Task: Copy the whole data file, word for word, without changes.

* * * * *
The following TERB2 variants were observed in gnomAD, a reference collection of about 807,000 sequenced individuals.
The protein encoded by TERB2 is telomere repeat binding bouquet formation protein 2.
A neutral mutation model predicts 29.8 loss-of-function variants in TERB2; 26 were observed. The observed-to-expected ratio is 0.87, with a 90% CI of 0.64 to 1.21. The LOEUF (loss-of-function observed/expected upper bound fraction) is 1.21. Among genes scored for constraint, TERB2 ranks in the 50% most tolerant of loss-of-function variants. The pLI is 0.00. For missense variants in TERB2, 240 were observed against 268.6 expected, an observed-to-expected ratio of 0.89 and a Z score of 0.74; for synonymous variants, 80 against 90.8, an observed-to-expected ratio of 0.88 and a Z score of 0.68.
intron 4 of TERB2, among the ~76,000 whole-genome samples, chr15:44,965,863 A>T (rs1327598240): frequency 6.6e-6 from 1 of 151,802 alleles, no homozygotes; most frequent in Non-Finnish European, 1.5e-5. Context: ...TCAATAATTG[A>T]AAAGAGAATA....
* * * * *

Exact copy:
The following TERB2 variants were observed in gnomAD, a reference collection of about 807,000 sequenced individuals.
The protein encoded by TERB2 is telomere repeat binding bouquet formation protein 2.
A neutral mutation model predicts 29.8 loss-of-function variants in TERB2; 26 were observed. The observed-to-expected ratio is 0.87, with a 90% CI of 0.64 to 1.21. The LOEUF (loss-of-function observed/expected upper bound fraction) is 1.21. Among genes scored for constraint, TERB2 ranks in the 50% most tolerant of loss-of-function variants. The pLI is 0.00. For missense variants in TERB2, 240 were observed against 268.6 expected, an observed-to-expected ratio of 0.89 and a Z score of 0.74; for synonymous variants, 80 against 90.8, an observed-to-expected ratio of 0.88 and a Z score of 0.68.
intron 4 of TERB2, among the ~76,000 whole-genome samples, chr15:44,965,863 A>T (rs1327598240): frequency 6.6e-6 from 1 of 151,802 alleles, no homozygotes; most frequent in Non-Finnish European, 1.5e-5. Context: ...TCAATAATTG[A>T]AAAGAGAATA....